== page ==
Many human diseases in adulthood are related to growth patterns during early life, determining early-life nutrition as the underlying mechanism. Individuals with a thrifty phenotype will have "a smaller body size, a lowered metabolic rate and a reduced level of behavioral activity… adaptations to an environment that is chronically short of food" (Bateson & Martin, 1999). Those with a thrifty phenotype who actually develop in an affluent environment may be more prone to metabolic disorders, such as obesity and type II diabetes, whereas those who have received a positive maternal forecast will be adapted to good conditions and therefore better able to cope with rich diets. This idea (Barker, 1992 ) is now widely (if not universally) accepted and is a source of concern for societies undergoing a transition from sparse to better nutrition (Robinson, 2001 ).
Risk factors of thrifty phenotype include advanced maternal age and placental insufficiency.
The ability to conserve, acquire and expend energy is believed to be an innate, ancient trait that is embedded in the genome in a way that is quite protected against mutations.These changes are also believed to possibly be inherited across generations. Leptin has been identified as a possible gene for the acquisition of these thrifty traits.
On a larger anatomic scale, the molecular mechanisms are broadly caused by a suboptimal environment in the reproductive tract or maternal physiological adaptations to pregnancy.
Insulin resistance (IR) is a pathological condition in which cells either fail to respond normally to the hormone insulin or downregulate insulin receptors in response to hyperinsulinemia.
Intrauterine growth restriction (IUGR), or fetal growth restriction, refers to poor growth of a fetus while in the womb during pregnancy. IUGR is defined by clinical features of malnutrition and evidence of reduced growth regardless of an infant's birth weight percentile. The causes of IUGR are broad and may involve maternal, fetal, or placental complications.
A maternal effect is a situation where the phenotype of an organism is determined not only by the environment it experiences and its genotype, but also by the environment and genotype of its mother. In genetics, maternal effects occur when an organism shows the phenotype expected from the genotype of the mother, irrespective of its own genotype, often due to the mother supplying messenger RNA or proteins to the egg. Maternal effects can also be caused by the maternal environment independent of genotype, sometimes controlling the size, sex, or behaviour of the offspring. These adaptive maternal effects lead to phenotypes of offspring that increase their fitness. Further, it introduces the concept of phenotypic plasticity, an important evolutionary concept. It has been proposed that maternal effects are important for the evolution of adaptive responses to environmental heterogeneity.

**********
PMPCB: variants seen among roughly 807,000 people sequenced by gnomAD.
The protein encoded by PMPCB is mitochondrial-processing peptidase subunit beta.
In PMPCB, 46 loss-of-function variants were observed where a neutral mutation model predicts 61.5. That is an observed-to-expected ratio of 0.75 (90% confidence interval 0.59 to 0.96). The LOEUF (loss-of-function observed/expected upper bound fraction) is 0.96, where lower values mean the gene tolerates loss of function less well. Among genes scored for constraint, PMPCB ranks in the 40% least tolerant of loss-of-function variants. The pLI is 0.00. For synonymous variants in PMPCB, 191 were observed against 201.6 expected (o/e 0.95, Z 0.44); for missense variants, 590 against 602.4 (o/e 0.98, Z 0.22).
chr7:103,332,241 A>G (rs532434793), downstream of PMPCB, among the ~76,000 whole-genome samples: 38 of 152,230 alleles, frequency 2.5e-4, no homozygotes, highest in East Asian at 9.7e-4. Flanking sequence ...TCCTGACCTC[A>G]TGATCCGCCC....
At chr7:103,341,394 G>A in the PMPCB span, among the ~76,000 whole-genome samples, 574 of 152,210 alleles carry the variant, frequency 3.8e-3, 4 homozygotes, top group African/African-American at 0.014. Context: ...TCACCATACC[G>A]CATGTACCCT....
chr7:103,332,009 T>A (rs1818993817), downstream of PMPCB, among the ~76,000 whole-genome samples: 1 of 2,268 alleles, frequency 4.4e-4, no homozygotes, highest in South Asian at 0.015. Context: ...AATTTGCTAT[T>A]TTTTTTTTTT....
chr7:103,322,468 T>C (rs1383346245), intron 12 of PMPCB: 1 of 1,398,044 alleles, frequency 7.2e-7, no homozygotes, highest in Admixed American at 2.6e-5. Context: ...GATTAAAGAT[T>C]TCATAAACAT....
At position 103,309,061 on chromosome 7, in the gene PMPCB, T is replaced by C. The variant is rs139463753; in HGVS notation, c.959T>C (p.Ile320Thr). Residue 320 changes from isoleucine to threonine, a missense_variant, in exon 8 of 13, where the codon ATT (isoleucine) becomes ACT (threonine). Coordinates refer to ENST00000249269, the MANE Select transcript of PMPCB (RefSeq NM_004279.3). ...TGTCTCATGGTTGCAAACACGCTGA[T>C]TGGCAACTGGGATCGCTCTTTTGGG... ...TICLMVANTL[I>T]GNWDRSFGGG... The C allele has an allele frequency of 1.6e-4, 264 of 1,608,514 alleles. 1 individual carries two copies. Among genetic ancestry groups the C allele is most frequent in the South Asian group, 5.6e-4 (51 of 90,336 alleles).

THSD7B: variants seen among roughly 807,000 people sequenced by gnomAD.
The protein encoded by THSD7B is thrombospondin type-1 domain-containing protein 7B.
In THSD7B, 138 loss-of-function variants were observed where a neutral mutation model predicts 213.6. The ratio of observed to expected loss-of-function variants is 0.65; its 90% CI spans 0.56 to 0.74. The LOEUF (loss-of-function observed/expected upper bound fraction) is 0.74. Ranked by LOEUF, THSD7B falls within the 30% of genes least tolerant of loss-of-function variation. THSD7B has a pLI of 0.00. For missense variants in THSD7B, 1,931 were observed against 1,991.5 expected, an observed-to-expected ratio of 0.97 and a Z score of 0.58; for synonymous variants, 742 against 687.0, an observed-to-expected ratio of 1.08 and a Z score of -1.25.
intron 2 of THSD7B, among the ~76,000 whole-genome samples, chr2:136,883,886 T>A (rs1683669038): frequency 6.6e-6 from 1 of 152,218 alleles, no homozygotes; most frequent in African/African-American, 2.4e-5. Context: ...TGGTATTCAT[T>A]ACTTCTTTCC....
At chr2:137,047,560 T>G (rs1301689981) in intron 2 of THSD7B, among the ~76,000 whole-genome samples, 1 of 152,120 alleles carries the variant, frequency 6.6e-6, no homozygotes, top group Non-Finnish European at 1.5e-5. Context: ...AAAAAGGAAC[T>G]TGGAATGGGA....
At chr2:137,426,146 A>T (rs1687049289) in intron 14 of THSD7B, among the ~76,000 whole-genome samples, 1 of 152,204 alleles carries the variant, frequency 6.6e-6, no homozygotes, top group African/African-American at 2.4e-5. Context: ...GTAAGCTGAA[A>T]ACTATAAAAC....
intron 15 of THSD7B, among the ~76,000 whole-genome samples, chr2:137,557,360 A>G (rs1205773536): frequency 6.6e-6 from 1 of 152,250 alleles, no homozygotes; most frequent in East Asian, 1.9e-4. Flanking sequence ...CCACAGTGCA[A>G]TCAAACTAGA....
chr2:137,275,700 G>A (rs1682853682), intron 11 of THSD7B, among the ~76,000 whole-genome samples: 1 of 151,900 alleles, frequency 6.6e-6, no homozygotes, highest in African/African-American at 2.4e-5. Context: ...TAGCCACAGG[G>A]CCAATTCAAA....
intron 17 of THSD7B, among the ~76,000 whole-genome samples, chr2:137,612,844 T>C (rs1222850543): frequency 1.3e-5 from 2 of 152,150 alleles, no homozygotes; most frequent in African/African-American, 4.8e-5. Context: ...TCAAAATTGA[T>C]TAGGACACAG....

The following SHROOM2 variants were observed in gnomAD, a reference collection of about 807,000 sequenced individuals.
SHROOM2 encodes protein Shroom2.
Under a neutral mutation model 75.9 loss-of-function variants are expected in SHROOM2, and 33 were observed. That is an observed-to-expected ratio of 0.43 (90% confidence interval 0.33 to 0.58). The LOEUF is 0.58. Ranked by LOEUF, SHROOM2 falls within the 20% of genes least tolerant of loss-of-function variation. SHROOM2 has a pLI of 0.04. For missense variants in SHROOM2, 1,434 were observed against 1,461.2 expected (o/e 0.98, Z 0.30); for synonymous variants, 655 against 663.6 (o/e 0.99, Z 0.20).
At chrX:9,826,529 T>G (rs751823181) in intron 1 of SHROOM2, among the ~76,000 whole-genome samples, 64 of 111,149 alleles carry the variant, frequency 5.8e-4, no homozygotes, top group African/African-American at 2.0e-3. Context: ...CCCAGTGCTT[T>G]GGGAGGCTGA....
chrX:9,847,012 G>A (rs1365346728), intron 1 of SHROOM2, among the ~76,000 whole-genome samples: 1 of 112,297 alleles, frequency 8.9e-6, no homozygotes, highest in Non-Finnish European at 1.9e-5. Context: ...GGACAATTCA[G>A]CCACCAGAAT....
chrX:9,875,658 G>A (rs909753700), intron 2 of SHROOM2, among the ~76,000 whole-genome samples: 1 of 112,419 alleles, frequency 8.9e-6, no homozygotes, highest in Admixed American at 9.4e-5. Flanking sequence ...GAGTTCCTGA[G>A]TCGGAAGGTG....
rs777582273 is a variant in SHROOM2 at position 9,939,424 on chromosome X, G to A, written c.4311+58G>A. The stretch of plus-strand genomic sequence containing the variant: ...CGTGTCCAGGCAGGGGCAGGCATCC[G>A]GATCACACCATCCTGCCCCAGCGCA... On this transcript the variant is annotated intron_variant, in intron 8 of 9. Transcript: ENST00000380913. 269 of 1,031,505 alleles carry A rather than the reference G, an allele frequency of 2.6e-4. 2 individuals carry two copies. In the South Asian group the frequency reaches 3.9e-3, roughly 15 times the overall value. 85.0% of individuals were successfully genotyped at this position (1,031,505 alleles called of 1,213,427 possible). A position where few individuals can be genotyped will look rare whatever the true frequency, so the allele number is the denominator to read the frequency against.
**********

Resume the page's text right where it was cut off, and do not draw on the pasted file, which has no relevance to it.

Birth weight is the body weight of a baby at its birth. The average birth weight in babies of European and African descent is 3.5 kilograms (7.7 lb), with the normative range between 2.5 and 4.0 kilograms. On average, babies of Asian descent weigh about 3.25 kilograms (7.2 lb). The prevalence of low birth weight has changed over time. Trends show a slight decrease from 7.9% (1970) to 6.8% (1980), then a slight increase to 8.3% (2006), to the current levels of 8.2% (2016). The prevalence of low birth weights has trended slightly upward from 2012 to the present.
For pregnant women with diabetes, some particular challenges exist for both mother and fetus. If the pregnant woman has diabetes as a pre-existing disorder, it can cause early labor, birth defects, and larger than average infants. Therefore, experts advise diabetics to maintain blood sugar level close to normal range about 3 months before planning for pregnancy.
Neurodevelopmental disorders are a group of conditions that begin to produce symptoms during childhood. According to the American Psychiatric Association Diagnostic and Statistical Manual of Mental Disorders, Fifth Edition, (DSM-5) published in 2013, these conditions generally appear in early childhood, usually before children start school, and can persist into adulthood. The key characteristic of all these disorders is that they negatively impact a person's functioning in one or more domains of life depending on the disorder and deficits it has caused. All of these disorders and their levels of impairment exist on a spectrum, and affected individuals can experience varying degrees of symptoms and deficits, despite having the same diagnosis.
Protein–energy undernutrition (PEU), once called protein-energy malnutrition (PEM), is a form of malnutrition that is defined as a range of conditions arising from coincident lack of dietary protein and/or energy (calories) in varying proportions. The condition has mild, moderate, and severe degrees.
The thrifty gene hypothesis, or Gianfranco's hypothesis is an attempt by geneticist James V. Neel to explain why certain populations and subpopulations in the modern day are prone to diabetes mellitus type 2. He proposed the hypothesis in 1962 to resolve a fundamental problem: diabetes is clearly a very harmful medical condition, yet it is quite common, and it was already evident to Neel that it likely had a strong genetic basis. The problem is to understand how disease with a likely genetic component and with such negative effects may have been favoured by the process of natural selection. Neel suggested the resolution to this problem is that genes which predispose to diabetes were historically advantageous, but they became detrimental in the modern world. In his words they were "rendered detrimental by 'progress'". Neel's primary interest was in diabetes, but the idea was soon expanded to encompass obesity as well. Thrifty genes are genes which enable individuals to efficiently collect and process food to deposit fat during periods of food abundance in order to provide for periods of food shortage.